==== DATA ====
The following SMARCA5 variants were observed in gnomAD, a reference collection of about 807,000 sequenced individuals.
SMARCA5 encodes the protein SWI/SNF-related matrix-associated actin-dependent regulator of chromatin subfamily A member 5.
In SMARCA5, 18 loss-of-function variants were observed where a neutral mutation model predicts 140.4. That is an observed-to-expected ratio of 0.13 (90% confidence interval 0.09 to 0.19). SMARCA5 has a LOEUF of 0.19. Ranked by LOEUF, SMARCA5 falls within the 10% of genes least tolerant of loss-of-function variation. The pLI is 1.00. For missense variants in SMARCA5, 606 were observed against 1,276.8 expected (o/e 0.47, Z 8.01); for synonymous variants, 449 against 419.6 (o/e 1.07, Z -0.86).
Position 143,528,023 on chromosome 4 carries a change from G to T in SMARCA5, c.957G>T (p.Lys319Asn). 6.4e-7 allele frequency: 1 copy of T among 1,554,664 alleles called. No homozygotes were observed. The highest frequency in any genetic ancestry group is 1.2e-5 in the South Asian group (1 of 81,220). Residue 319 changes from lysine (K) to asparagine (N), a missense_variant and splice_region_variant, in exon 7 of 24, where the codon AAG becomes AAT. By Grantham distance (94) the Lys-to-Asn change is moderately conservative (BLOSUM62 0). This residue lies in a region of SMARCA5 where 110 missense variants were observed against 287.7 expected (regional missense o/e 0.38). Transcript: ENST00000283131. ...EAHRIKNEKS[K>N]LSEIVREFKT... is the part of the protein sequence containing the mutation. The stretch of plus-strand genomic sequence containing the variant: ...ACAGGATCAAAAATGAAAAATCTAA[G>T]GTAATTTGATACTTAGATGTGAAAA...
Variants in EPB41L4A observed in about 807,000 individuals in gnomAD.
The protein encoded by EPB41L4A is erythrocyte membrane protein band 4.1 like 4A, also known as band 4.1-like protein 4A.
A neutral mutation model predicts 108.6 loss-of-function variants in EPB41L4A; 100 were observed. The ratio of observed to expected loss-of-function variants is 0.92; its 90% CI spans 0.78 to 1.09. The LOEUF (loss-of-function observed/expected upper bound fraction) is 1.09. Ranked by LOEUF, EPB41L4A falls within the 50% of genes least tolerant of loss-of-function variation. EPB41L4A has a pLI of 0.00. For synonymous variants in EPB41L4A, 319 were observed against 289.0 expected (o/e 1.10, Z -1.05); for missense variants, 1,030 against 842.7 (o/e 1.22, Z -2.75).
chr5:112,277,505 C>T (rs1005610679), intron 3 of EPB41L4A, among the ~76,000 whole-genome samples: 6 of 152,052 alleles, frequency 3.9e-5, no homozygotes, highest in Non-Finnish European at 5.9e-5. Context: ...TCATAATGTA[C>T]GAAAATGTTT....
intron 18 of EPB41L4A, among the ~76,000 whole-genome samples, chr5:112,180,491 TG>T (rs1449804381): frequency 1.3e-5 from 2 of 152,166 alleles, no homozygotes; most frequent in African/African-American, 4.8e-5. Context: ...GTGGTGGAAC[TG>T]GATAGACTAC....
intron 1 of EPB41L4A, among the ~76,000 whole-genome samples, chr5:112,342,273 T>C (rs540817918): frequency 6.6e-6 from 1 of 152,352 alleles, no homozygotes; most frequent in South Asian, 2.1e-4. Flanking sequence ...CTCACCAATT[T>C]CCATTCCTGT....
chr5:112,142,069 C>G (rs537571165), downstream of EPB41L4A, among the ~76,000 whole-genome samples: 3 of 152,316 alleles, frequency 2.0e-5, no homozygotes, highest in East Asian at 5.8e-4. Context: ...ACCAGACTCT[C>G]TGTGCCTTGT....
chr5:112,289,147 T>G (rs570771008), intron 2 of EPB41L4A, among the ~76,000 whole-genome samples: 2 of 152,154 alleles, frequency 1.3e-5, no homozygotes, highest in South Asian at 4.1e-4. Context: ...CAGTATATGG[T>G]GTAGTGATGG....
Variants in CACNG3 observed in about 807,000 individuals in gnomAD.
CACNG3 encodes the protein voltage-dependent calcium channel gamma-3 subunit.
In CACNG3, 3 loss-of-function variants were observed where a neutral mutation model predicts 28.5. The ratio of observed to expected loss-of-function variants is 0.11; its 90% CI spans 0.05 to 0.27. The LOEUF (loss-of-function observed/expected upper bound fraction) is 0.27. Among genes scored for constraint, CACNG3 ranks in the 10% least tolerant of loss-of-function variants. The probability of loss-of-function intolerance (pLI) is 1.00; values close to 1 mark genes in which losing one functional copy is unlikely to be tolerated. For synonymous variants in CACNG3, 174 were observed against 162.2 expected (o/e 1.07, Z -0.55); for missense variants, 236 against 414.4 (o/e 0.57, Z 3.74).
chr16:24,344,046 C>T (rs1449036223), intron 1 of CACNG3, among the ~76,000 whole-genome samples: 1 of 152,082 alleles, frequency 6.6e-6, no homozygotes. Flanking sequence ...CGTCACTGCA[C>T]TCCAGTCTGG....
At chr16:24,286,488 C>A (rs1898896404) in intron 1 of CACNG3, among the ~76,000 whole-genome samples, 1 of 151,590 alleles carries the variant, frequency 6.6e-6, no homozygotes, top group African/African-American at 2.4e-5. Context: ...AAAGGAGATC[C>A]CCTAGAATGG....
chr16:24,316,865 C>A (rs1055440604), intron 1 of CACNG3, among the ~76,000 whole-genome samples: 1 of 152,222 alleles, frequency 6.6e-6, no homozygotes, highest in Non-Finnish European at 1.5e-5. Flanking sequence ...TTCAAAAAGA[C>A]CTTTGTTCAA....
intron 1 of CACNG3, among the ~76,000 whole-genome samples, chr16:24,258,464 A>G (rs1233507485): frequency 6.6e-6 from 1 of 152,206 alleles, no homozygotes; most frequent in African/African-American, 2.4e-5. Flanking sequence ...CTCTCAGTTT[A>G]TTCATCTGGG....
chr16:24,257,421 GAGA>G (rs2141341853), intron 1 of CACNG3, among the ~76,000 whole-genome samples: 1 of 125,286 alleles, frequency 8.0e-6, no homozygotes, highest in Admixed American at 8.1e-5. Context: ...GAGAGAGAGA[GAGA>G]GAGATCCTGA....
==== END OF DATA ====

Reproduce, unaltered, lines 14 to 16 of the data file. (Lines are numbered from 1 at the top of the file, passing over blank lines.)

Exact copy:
CACNG3 encodes the protein voltage-dependent calcium channel gamma-3 subunit.
In CACNG3, 3 loss-of-function variants were observed where a neutral mutation model predicts 28.5. The ratio of observed to expected loss-of-function variants is 0.11; its 90% CI spans 0.05 to 0.27. The LOEUF (loss-of-function observed/expected upper bound fraction) is 0.27. Among genes scored for constraint, CACNG3 ranks in the 10% least tolerant of loss-of-function variants. The probability of loss-of-function intolerance (pLI) is 1.00; values close to 1 mark genes in which losing one functional copy is unlikely to be tolerated. For synonymous variants in CACNG3, 174 were observed against 162.2 expected (o/e 1.07, Z -0.55); for missense variants, 236 against 414.4 (o/e 0.57, Z 3.74).
chr16:24,344,046 C>T (rs1449036223), intron 1 of CACNG3, among the ~76,000 whole-genome samples: 1 of 152,082 alleles, frequency 6.6e-6, no homozygotes. Flanking sequence ...CGTCACTGCA[C>T]TCCAGTCTGG....